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Being content has made me the man I am

By Caroline Okello | November 17th 2019
Kanjii Mbugua

He arrives at our meeting venue a few minutes late but is quick to apologise for keeping me waiting. He is relieved when I show him the book that I had been reading to pass time. He asks to check the blurb, telling me he loves reading. He has an eclectic taste and usually reads 15 to 20 books a year.

He reads in phases and is currently into historical fiction based on the lives of real historical figures. He has read books on Alexander the Great, Julius Caesar and others. When I recommend one based on the life of Thomas Cromwell, he adds the title to his growing list of books to be read, currently at 30.

“I have a list for everything,” he tells me as he types in the book title on his phone. I notice a waitstaff stealing glances at us.

Either Kanjii doesn’t notice or isn’t fazed by it. When I ask him how he ensures fame doesn’t get to his head, he says that he has always had the sense that he hasn’t achieved anything yet. That way, he manages to stay sane and grounded.

“I have this idea that God created me with a specific purpose in mind — I believe this for everyone — and the ultimate fulfillment of our lives is bringing God glory and so there is no end to that. There is no saying I’ve brought God all the glory now I can sit back. So if someone says I am famous or have accomplished so much, I don’t see it that way,” he says.

He recently came across a poster of his first-ever concert at All Saints Cathedral. On it, he had written his vision, a grand dream of building a music performance centre and creating music that was coming out of Africa and had an impact on the rest of the world.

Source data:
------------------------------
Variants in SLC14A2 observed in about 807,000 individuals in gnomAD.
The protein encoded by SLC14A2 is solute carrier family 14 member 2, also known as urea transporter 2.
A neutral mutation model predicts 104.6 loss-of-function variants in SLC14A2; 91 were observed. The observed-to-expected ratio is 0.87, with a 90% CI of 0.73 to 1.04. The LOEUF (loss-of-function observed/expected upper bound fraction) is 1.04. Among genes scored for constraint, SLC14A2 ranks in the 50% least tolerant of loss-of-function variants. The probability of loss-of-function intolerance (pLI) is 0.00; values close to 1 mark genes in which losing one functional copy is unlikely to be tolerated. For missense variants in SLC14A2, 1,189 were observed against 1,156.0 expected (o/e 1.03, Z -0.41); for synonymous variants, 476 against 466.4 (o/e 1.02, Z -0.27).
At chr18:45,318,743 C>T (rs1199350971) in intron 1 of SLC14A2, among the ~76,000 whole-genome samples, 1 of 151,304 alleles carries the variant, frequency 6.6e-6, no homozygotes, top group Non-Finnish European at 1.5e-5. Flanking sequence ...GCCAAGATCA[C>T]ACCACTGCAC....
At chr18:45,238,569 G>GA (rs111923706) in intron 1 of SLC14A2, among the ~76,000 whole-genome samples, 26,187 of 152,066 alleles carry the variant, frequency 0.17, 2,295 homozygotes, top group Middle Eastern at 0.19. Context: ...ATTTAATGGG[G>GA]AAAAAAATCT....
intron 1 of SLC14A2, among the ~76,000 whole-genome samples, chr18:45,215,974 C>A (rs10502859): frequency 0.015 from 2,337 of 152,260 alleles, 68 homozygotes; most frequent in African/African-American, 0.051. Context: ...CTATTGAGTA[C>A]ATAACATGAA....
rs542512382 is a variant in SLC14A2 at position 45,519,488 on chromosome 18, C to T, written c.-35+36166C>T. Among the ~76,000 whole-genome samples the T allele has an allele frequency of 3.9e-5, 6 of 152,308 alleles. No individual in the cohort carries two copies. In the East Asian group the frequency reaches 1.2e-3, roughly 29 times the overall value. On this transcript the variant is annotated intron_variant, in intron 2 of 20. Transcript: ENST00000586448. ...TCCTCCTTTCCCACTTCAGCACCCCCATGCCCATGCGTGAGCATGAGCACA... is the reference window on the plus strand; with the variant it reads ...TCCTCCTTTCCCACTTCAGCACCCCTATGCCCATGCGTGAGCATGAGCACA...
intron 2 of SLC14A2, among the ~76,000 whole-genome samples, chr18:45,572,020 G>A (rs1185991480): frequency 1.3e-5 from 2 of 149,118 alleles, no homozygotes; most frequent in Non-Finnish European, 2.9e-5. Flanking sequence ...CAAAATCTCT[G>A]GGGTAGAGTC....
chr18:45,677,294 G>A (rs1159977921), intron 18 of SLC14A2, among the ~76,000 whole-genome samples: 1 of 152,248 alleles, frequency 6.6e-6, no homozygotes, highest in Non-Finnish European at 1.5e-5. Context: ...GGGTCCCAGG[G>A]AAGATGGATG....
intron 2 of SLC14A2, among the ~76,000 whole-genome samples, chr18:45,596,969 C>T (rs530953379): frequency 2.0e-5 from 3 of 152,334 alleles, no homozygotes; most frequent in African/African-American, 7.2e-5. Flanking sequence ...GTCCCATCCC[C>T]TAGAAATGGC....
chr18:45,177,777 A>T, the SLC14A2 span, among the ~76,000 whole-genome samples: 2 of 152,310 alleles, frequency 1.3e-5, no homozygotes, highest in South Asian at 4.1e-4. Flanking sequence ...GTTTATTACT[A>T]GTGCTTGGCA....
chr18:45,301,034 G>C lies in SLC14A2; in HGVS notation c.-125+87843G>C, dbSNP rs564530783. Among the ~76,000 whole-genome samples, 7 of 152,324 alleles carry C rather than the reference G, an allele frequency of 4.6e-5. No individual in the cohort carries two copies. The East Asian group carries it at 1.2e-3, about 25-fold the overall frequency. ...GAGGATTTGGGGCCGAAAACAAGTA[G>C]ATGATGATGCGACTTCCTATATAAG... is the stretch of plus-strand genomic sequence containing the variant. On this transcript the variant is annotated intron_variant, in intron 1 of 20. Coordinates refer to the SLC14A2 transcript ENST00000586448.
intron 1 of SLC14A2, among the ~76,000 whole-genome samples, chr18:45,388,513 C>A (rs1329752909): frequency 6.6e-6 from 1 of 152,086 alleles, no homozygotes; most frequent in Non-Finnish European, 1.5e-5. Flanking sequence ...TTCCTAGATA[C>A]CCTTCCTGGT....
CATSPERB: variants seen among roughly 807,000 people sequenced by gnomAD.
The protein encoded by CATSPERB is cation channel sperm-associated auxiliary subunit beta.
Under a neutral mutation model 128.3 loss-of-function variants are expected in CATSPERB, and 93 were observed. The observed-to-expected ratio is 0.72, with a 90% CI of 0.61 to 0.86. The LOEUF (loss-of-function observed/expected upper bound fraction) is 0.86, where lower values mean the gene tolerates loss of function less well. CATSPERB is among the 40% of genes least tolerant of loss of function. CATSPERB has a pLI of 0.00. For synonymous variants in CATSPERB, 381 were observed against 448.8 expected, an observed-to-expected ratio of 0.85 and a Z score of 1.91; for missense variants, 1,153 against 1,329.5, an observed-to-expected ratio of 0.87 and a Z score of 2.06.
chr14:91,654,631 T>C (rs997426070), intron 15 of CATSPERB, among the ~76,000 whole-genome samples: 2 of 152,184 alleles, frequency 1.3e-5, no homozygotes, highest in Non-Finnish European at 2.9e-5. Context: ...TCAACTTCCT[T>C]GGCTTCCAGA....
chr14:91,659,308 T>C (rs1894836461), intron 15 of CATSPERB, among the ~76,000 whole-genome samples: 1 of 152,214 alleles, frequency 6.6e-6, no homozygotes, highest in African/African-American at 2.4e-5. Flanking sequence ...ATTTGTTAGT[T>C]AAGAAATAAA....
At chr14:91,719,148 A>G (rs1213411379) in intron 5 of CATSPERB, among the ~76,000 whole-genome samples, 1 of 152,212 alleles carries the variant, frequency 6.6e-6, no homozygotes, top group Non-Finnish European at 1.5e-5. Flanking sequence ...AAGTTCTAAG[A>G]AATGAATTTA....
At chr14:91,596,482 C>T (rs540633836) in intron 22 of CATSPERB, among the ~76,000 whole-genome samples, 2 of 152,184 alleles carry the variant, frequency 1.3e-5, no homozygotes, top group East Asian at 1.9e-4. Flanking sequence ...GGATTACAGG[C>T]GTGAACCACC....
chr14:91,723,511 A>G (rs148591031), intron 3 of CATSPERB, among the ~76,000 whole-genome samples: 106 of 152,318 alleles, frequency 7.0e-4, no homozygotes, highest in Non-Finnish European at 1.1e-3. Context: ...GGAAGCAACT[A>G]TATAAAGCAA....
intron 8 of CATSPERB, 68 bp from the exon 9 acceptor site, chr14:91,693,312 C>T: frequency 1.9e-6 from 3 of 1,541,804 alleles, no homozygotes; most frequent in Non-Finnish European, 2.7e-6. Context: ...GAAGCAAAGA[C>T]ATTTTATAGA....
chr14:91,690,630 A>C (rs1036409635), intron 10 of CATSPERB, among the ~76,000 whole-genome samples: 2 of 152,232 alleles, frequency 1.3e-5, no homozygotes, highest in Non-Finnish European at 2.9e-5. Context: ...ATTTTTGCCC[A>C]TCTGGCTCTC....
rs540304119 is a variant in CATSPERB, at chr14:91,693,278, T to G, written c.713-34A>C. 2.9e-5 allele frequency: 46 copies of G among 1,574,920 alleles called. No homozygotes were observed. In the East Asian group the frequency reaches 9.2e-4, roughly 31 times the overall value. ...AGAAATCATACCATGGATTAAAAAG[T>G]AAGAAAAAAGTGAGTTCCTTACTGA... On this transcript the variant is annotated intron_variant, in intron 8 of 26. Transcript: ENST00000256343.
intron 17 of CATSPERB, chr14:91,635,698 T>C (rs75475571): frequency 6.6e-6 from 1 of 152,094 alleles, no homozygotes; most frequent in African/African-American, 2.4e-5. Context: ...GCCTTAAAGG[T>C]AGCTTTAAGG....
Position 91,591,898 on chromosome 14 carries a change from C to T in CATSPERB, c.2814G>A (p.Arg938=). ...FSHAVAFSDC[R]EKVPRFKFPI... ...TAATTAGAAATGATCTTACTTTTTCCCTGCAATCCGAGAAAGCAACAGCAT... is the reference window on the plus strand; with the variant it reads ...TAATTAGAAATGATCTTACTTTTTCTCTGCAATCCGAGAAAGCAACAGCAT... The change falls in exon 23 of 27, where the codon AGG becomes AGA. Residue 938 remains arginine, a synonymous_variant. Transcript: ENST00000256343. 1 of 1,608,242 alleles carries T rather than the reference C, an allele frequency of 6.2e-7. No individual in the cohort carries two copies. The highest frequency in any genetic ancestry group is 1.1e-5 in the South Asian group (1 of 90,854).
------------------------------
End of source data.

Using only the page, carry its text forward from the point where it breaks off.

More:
“It was amazing seeing my 19-year-old self, what and how I was thinking and realising that I have done some of the things I set out to do, like creating worship music out of Africa.”

When he first started out, he underestimated how hard it was going to be. But then again, he says, no one usually knows - whether you’re starting a new business or a career.

“It’s like anything in life. It takes tonnes of effort and dedication to work on your craft and take it to the highest level possible.

“Acceptance is not guaranteed — just because you do something awesome does not mean that people will love it. When I was first starting out, a career as a musician was an unbeaten path.

“I had two or three people who were ahead of me who I thought I could emulate. These were people like Eric Wainaina and Pete Odera who were blazing a trail, trying to create a career out of music.”

Not to say it is not difficult now. While the internet has made it easier for artistes to reach their audience, for instance, it has also brought piracy with it.

“I have a mentor who tells me that ministry is pain-management and what he means is that your success with ministry is directly proportional to your ability to withstand that pain.

“But I think that is true about music and life in general, that the people with the most pain threshold have the highest chance of success and that has been something I have held close throughout my music journey.

“I figured out pretty early that I love music and that love was going to be with me all my life. So, at least at the core, sticking to my love of music has never wavered despite the challenges in the industry. I’m happy making music and touching the people that I touch,” he says.

Set us on fire